Daily News

Friendship: The Overlooked Love (1394)

Part 1 of a Register series on friendship.

03/18/2012 Comments (1)

Samuel anoints David in the presence of his friends, from the third century AD.

– Wikipedia

The Christian tradition teaches us that grace perfects nature. Therefore, anything normal and native to human existence is, so to speak, grist for glory. God takes the ordinary stuff of human life and raises it—with our cooperation — to become the means by which his love is enfleshed and brought into the world. Everything, no matter how ordinary, can be raised by God to become sacramental.

A case in point: Once, when I was still a pagan, I came down with a horrible case of stomach flu. As I lay on my bed of suffering in my dorm room, I got a phone call from somebody on a neighboring dorm floor that had a bunch of Christians living there. I informed them I was not available to play...READ MORE

Filed under agape, catholic faith, fraternal love, friendships, jesus christ

Men Model Their Lives After Christ (3253)

March 11 issue feature on how Catholic conferences prompt conversions.

03/18/2012 Comments (2)

– Shutterstock

Five years ago, Richard Lane of St. Louis attended an event with Promise Keepers, a Protestant organization that helps men develop a relationship with Christ. It drew 15,000. He was inspired by the event, but wondered why the Catholic Church didn’t have a similar movement.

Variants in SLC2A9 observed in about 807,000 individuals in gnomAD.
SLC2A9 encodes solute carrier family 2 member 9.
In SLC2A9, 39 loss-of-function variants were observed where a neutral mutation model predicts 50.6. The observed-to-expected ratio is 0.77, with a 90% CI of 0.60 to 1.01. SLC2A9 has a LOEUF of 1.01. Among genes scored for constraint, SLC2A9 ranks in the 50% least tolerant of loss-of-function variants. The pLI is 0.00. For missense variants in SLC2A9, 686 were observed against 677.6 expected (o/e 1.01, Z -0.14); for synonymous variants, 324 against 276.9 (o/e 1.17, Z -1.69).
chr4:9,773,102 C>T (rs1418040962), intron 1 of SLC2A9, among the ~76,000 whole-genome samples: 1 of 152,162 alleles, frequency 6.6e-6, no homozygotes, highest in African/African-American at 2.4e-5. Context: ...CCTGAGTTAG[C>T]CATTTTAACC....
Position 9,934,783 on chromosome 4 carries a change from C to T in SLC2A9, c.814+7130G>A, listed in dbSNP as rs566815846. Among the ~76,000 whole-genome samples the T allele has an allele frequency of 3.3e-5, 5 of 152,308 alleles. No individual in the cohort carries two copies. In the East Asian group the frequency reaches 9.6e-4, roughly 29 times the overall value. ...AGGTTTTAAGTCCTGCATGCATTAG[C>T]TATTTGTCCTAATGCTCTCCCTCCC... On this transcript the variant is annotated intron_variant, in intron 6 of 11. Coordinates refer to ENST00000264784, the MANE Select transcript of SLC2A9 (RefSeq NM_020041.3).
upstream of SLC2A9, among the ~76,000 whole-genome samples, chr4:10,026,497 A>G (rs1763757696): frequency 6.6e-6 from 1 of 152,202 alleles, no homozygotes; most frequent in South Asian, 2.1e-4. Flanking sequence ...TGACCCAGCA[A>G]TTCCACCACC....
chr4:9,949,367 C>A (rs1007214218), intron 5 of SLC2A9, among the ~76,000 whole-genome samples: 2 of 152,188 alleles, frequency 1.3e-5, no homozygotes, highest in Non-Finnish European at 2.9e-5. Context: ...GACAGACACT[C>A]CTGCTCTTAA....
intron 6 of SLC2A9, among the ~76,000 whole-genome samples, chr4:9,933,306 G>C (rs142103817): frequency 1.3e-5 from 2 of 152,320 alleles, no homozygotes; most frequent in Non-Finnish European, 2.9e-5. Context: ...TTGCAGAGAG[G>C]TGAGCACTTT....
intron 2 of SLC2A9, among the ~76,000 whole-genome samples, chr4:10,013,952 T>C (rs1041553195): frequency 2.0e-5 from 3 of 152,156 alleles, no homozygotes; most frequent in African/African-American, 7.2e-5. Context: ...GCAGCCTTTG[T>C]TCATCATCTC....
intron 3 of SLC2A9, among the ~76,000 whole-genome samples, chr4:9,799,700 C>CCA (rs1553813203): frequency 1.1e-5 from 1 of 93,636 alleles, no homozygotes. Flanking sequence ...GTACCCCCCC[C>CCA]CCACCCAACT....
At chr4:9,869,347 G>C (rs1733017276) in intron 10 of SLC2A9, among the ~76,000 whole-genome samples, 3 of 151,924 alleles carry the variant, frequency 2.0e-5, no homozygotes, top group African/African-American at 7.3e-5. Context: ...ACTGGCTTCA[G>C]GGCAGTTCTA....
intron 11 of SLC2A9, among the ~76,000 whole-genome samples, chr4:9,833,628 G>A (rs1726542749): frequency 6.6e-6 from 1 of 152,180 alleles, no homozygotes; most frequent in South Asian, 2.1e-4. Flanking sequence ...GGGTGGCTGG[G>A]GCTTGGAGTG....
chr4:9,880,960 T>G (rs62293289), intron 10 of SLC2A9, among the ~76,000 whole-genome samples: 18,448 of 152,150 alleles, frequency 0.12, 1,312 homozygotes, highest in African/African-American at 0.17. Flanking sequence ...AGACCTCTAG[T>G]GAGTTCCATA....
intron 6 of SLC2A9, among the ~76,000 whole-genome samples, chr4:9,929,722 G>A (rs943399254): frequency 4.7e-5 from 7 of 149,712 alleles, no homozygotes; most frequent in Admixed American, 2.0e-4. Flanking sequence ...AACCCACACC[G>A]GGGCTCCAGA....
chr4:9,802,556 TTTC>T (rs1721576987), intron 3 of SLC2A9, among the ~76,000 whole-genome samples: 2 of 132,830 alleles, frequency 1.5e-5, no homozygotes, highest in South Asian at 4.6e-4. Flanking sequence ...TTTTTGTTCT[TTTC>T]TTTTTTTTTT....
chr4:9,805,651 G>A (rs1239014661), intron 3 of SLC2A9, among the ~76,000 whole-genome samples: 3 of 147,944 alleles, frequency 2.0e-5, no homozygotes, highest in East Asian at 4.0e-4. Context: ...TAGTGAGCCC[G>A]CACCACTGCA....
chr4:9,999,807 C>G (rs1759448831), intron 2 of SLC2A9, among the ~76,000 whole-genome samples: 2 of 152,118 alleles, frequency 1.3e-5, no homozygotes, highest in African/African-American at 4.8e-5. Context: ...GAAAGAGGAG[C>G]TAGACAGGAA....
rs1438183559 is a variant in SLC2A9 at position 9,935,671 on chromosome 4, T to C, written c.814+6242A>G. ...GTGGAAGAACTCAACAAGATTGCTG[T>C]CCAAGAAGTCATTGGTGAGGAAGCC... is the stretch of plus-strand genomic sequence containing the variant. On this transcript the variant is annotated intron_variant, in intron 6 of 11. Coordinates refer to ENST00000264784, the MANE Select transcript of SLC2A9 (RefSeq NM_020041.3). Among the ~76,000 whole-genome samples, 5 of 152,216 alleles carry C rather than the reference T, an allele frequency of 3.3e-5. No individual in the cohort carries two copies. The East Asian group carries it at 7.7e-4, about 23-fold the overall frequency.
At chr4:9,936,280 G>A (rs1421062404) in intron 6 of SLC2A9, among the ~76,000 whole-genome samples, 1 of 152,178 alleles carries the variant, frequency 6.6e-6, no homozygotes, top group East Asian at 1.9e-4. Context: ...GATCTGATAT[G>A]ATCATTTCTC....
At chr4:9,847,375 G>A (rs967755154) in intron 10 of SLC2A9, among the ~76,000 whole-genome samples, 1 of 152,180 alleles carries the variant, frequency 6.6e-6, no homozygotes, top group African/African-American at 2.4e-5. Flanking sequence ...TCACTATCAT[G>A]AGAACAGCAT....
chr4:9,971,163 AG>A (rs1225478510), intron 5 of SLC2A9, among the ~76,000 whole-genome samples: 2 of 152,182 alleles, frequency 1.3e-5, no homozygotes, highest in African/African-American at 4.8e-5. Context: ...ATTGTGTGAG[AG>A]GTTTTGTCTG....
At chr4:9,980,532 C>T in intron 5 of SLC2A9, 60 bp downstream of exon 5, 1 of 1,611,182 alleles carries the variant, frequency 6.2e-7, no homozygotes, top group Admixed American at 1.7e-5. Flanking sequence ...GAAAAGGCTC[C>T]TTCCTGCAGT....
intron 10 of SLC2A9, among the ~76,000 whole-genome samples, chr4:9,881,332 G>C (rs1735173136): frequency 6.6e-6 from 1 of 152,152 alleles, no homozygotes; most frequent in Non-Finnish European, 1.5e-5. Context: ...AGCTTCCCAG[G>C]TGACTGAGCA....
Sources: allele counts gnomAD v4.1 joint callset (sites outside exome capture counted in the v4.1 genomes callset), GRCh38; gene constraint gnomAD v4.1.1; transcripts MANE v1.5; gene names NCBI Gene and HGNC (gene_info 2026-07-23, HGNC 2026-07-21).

So he went to his archbishop, Raymond Burke, and asked him if he could launch an annual Catholic conference for men in the archdiocese. The conference’s purpose was to get men excited about living their Catholic faith, and then to return to their parishes to form Catholic men’s apostolates that would meet regularly and support and encourage one another in the faith. Archbishop Burke (today a Rome-based cardinal in...READ MORE

Filed under catholicism, conversion, men's conferences

God's Love Brings Us Home (1551)

User's Guide to Sunday, March 18.

03/18/2012 Comment

– Shutterstock

Sunday, March 18, is the Fourth Sunday of Lent (Liturgical Year B, Cycle II).


On March 23, Pope Benedict XVI begins his visits to Mexico and Cuba.


2 Chronicles 36:14-17, 19-23; Psalms 137:1-6; Ephesians 2:4-10; John 3:14-21

Our Take

Today’s Gospel reading includes John 3:16: “For God so loved the world that he gave his only Son, so that everyone who believes in him might not perish but might have eternal life.”